More than 70 churches were affected by the recent floods in south Louisiana. Many of the churches are small, do not have flood insurance, and have been unable to meet. If your church would like to partner with one of the affected churches as part of the recovery process, please fill out the contact information below and someone will follow up with additional information.
Each year, Louisiana Baptist churches give over $1.5 million to the Georgia Barnette State Missions Offering. 100% of this money goes to fund various missions projects throughout Louisiana. So far in 2016, 37% of last year’s offering has been disbursed and it is fun to watch this offering at work! Here’s some of what it’s doing so far this year:
- Supporting 74 church plants across Louisiana. $132,000 so far!
- Supporting the work of 39 different Compassion Ministries and 3 Seaman Ministry Centers reaching out to international seafarer’s docking in Louisiana. $21,750 so far!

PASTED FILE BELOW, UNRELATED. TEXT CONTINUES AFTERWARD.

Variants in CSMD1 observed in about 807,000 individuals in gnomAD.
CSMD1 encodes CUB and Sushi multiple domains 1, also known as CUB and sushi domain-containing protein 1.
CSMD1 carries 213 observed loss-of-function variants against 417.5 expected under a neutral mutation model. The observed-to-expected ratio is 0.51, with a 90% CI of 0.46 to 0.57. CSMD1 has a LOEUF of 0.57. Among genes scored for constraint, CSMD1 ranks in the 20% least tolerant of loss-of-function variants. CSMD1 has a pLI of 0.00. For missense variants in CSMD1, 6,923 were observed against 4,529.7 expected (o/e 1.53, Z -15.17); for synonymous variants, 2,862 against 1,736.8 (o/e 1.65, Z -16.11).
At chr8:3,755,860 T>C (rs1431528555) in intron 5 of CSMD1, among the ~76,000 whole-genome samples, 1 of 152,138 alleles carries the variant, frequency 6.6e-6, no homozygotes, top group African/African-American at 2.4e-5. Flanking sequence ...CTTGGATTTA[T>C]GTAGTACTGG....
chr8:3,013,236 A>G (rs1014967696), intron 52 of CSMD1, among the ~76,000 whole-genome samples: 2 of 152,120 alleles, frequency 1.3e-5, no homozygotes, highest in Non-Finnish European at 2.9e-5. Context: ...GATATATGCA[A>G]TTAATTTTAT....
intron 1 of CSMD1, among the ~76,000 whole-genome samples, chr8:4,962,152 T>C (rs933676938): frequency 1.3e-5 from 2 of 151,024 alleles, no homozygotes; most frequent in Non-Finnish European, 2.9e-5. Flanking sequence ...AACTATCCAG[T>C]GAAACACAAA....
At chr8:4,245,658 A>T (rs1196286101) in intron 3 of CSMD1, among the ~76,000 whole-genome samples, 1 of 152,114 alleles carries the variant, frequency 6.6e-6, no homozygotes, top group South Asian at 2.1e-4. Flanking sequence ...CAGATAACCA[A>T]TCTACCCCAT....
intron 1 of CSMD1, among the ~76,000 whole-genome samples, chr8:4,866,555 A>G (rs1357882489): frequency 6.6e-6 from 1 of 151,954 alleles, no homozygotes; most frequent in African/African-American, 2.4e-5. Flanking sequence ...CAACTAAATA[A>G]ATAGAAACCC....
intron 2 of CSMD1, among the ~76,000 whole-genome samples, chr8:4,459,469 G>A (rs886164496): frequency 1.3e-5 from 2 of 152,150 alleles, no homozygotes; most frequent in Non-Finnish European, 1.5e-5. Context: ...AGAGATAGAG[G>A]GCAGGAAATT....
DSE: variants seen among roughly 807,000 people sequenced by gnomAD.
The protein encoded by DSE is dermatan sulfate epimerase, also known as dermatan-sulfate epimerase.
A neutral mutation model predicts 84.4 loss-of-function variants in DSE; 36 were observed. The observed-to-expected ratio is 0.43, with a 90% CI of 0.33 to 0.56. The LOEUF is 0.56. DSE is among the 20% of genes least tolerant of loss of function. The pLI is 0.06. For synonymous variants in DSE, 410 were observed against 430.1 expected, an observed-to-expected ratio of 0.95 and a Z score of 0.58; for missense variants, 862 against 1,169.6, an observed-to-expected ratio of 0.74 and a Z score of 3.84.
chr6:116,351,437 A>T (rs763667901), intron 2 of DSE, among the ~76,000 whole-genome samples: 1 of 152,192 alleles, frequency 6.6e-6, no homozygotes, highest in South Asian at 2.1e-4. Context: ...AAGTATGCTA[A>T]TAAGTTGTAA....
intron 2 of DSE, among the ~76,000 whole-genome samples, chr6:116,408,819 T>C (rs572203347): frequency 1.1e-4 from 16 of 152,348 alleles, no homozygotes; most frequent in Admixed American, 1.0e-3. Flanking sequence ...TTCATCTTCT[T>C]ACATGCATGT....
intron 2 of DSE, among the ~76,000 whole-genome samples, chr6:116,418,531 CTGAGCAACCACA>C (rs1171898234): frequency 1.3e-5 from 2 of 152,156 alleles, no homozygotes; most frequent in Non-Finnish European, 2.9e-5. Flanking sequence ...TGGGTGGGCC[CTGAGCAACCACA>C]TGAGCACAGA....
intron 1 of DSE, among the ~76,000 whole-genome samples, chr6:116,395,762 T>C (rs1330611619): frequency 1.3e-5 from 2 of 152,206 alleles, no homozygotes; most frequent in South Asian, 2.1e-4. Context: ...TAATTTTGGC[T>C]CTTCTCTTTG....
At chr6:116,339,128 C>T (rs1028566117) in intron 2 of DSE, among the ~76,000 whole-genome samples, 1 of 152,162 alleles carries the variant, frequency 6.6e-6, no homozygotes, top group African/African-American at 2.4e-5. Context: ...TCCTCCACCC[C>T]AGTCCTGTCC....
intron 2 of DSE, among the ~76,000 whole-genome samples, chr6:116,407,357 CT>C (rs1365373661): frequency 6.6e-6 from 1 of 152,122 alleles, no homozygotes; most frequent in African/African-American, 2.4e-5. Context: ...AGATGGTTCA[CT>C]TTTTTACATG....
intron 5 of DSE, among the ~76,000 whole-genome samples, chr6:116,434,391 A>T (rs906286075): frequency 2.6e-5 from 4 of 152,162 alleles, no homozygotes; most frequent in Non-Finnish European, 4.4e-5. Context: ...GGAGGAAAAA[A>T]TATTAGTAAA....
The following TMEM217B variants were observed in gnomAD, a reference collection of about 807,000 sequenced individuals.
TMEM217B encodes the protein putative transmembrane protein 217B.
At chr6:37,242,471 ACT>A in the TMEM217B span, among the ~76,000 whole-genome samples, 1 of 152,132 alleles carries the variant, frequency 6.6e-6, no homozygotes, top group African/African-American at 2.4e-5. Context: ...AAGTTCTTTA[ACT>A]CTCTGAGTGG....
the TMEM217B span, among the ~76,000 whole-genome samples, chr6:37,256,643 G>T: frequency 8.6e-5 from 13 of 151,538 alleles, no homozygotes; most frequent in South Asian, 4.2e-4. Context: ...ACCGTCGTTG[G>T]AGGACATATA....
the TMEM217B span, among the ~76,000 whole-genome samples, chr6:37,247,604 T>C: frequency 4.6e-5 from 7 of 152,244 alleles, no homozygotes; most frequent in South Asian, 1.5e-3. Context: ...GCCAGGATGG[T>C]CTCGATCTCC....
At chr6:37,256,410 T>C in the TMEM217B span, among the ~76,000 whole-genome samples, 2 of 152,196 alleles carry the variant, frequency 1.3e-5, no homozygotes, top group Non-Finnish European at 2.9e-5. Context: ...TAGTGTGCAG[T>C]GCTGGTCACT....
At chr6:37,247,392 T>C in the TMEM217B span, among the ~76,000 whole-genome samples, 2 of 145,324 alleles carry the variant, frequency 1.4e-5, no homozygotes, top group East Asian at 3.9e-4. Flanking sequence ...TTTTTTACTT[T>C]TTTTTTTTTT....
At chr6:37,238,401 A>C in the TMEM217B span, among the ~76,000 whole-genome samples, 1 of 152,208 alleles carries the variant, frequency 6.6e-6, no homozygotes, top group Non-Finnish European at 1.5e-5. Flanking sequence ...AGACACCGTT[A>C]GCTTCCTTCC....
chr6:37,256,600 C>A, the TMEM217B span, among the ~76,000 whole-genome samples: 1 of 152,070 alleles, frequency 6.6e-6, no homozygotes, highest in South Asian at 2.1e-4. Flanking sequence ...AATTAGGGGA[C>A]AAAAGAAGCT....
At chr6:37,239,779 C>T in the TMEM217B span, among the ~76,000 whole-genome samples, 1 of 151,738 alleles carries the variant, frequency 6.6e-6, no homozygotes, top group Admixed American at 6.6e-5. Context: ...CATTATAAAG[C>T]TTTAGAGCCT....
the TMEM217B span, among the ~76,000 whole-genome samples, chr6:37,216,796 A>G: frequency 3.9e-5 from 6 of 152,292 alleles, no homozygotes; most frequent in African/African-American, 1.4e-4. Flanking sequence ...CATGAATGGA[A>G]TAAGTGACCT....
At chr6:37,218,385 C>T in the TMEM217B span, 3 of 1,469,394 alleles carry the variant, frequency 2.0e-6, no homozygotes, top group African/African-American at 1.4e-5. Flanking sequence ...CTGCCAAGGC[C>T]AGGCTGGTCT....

- Provides funding for the Baptist Mission Builder program which mobilizes construction volunteers and provides contracting services for the building or renovating of first unit buildings for new churches across Louisiana. $27,800 so far!
- Provides training and networking opportunities for church planters, disaster relief volunteers, and missions leaders across Louisiana, including camps for kids in RA and GA programs and missions conferences for elementary through high school. $64,000 so far!
- Provides money for special evangelism projects and block parties across Louisiana.
- Provides money for prison revivals and outreaches across Louisiana.
- Supporting the work of collegiate ministry teams across Louisiana. $85,000 so far!